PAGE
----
Ebba Thott is a retailer, designer and tastemaker whose experienced eye and masterful approach was responsible for the sublime interiors at The Old Courthouse. Known as a purveyor of understated luxury, her Kings Road shop, Sigmar, is a haven of individual pieces that we know we need in our life. Thott is humble when it comes to taking credit for The Old Courthouse and cites the beautiful architecture of the building and the existing collection of pieces that her clients came with, as the foundation for the interior scheme. And it’s not easy to see the hand of a professional in the design of the interior, which is very much the way Thott likes things to be.
Ebba, this is a beautiful property. What was the starting point for its design?
The central part of this property is big and open, as was the need for its former use as a courthouse. The amount of air space demanded attention and even if there wasn’t an actual echo, there was a visual echo that needed to be filled. There was also the listed former juror’s box to be respected - a hugely dominant cabinet central to one end of the room.
The owners of this house love art, craft and fine materials, and have collected some beautiful pieces over the years. Well-travelled, their collection of furniture and decorative pieces has grown organically and been sourced from around the world. Portraying this air of natural progression was definitely important and it was my role to tie together what was already available to me with new additions, while creating the right relationship between the space and its content.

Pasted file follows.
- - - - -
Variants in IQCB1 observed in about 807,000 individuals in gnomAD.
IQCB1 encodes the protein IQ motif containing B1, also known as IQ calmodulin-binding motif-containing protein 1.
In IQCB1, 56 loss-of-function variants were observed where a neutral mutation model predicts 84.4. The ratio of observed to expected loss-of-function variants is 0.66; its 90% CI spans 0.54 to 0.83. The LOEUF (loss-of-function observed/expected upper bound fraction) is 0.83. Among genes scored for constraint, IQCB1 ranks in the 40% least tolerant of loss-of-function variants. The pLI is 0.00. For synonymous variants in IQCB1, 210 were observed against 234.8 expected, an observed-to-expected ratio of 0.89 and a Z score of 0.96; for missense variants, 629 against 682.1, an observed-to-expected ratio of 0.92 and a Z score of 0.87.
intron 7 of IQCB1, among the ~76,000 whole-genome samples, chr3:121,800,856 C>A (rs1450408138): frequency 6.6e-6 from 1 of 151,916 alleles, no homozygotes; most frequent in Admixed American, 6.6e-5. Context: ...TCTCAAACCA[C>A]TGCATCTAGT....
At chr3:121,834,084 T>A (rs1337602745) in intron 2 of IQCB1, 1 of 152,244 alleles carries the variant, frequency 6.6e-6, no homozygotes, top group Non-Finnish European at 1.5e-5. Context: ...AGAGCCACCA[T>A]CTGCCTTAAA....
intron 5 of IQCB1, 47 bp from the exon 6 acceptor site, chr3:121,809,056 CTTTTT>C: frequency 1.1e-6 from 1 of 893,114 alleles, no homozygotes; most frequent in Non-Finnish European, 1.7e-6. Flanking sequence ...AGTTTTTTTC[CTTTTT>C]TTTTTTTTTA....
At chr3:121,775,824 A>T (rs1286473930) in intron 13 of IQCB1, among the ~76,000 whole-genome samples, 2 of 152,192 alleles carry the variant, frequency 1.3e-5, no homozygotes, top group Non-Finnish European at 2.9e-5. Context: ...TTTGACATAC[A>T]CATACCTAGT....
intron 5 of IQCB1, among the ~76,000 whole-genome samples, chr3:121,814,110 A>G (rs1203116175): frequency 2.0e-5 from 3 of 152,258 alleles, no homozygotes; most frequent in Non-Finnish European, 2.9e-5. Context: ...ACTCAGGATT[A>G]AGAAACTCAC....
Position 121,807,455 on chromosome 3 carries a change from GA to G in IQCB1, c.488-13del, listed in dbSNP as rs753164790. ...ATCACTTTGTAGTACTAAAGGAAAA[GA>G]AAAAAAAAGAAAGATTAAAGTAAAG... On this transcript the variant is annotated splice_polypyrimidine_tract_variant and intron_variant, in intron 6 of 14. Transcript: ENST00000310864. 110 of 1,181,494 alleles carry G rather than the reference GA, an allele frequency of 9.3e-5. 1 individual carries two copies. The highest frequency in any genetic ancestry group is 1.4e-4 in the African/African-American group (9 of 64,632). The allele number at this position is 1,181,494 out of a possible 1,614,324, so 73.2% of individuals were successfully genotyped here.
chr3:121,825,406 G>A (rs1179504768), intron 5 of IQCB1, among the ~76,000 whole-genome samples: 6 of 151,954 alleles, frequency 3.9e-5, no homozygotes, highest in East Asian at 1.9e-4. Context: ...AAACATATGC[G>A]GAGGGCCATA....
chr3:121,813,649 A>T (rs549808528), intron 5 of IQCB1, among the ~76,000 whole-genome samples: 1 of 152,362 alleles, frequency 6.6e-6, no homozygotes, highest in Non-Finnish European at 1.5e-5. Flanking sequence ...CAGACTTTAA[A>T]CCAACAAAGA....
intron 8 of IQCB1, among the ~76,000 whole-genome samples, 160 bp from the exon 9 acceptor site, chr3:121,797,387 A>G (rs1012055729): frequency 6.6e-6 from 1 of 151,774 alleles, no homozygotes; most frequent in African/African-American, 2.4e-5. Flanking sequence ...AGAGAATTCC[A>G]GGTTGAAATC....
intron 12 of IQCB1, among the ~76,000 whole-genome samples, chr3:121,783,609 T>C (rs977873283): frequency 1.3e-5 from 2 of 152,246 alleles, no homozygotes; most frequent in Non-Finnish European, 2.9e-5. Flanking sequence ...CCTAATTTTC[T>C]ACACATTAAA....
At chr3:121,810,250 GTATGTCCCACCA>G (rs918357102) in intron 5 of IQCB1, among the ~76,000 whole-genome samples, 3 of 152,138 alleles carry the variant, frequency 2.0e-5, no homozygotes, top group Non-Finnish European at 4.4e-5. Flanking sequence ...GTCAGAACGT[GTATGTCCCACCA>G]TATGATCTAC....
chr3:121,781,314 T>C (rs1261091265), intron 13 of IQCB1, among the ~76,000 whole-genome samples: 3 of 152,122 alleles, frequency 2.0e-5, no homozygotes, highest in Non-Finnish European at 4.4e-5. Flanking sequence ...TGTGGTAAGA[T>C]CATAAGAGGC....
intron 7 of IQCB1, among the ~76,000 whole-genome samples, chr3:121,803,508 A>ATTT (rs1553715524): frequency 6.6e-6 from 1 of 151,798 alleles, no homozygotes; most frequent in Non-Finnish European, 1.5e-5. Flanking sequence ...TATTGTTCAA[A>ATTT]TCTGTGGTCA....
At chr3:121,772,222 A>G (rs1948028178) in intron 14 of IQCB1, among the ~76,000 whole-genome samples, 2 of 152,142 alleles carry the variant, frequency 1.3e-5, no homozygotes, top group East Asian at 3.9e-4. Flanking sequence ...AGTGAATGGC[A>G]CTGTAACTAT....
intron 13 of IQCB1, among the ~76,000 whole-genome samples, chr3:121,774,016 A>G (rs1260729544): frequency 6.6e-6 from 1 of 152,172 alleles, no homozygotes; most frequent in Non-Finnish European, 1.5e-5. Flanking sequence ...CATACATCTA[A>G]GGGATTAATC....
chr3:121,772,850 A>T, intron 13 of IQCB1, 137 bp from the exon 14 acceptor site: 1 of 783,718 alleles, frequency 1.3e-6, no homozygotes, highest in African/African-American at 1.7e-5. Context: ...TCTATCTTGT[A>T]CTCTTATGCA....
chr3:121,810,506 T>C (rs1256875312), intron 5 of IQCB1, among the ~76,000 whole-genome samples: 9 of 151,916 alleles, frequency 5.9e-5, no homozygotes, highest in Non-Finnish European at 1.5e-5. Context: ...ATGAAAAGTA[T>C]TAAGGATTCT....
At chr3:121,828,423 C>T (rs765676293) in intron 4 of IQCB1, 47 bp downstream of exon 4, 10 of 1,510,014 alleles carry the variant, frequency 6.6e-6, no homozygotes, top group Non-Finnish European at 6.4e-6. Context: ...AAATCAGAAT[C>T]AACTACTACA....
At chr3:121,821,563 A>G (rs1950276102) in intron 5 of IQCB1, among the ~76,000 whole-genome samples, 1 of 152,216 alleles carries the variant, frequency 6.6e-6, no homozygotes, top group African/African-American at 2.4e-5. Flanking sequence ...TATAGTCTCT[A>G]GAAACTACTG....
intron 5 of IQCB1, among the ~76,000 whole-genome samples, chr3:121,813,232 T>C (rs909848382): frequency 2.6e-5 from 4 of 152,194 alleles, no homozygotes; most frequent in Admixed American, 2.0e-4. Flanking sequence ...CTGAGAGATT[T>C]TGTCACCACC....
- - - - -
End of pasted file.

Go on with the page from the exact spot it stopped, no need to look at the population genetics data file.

It’s so easy with former industrial properties to focus on the past rather than the present. Although this space isn’t naturally ‘cosy’ we did want to show off what the clients love and what they have bought to make it a home.
What’s the rule of thumb when dealing with sizeable rooms?
Think about a room as a piece of white paper. If you draw something in just one corner then your eye is naturally drawn there and you have to balance it out. How do you do that? The classic response would be to put something similar in an opposite corner but this isn’t necessarily the best way to anchor the space. It doesn’t all have to be symmetrical and matching, it’s more about the flow and giving more prominence to the pieces that you love. My way is to introduce a framework to create definition.